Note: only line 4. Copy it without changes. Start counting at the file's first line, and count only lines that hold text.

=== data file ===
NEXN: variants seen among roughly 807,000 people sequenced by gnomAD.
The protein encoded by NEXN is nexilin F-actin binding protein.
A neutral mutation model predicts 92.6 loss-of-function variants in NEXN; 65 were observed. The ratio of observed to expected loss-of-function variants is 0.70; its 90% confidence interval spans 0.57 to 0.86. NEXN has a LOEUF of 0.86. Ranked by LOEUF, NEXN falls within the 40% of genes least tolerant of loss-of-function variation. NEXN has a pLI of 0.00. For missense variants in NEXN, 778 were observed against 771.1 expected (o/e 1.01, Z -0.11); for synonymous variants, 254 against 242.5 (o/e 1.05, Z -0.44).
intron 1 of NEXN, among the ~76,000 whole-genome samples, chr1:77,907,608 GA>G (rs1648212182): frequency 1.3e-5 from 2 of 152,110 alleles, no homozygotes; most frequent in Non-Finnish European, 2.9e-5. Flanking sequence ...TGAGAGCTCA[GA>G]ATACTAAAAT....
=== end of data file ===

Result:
intron 1 of NEXN, among the ~76,000 whole-genome samples, chr1:77,907,608 GA>G (rs1648212182): frequency 1.3e-5 from 2 of 152,110 alleles, no homozygotes; most frequent in Non-Finnish European, 2.9e-5. Flanking sequence ...TGAGAGCTCA[GA>G]ATACTAAAAT....